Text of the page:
Nani Is On A Winning Streak Again
The verdict is in, the recent trend of uber-cool new age Telugu films that have been coming out is not a fluke. It is a real and very evident trend and a true treat to behold. Filmmakers new and old are working tirelessly on their scripts and presentation skills to collectively increase the quality of cinema being put out. The recent addition to this pool is Nani’s Gang Leader directed by Vikram Kumar. The film is a meta self-referential story about revenge which constantly references other films from the genre, in the vein of the Edgar Wright’s cornetto trilogy or the irreverent masterpieces of Mel Brooks. The thing that the film gets right like the aforementioned films, is that the references alone cannot make the film work. It needs to have characters or a plot as good as the films it is referencing.
A Familiar Story Well Told
The film takes no time to jump right into the plot. The film opens with a Dark Knightesque heist sequence that leads into a chase which ends with the mysterious antagonist vanishing into the night but leaving behind a trail of dead bodies including 5 of his own team members. The women who are related to these men in various capacities, such as a grandmother, mother, fiancée, sister, and daughter seek vengeance. In this quest for revenge, they seek the help of a pretentious failing novelist Pencil Parthasarathy and thus begins the cat and mouse between the gang and the evil bad guy. While the plot does not seem oh so original. The film wins because of how the story plays out and the very well-realized characters in the gang.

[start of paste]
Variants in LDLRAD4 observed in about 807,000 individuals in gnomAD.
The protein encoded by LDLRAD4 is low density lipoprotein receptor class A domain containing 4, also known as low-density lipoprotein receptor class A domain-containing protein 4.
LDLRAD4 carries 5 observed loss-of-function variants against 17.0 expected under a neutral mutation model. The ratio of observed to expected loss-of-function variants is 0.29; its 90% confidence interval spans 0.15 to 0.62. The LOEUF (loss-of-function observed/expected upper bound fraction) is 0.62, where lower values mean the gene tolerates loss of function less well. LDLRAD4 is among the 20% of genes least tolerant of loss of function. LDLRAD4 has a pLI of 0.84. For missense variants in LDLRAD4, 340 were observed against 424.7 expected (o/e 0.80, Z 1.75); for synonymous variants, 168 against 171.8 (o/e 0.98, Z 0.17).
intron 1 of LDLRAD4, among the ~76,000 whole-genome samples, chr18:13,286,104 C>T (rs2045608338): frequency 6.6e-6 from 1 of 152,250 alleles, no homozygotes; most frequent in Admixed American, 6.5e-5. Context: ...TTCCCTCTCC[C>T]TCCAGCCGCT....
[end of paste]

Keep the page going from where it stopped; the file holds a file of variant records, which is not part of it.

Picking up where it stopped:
Emotional Resonance Over Logic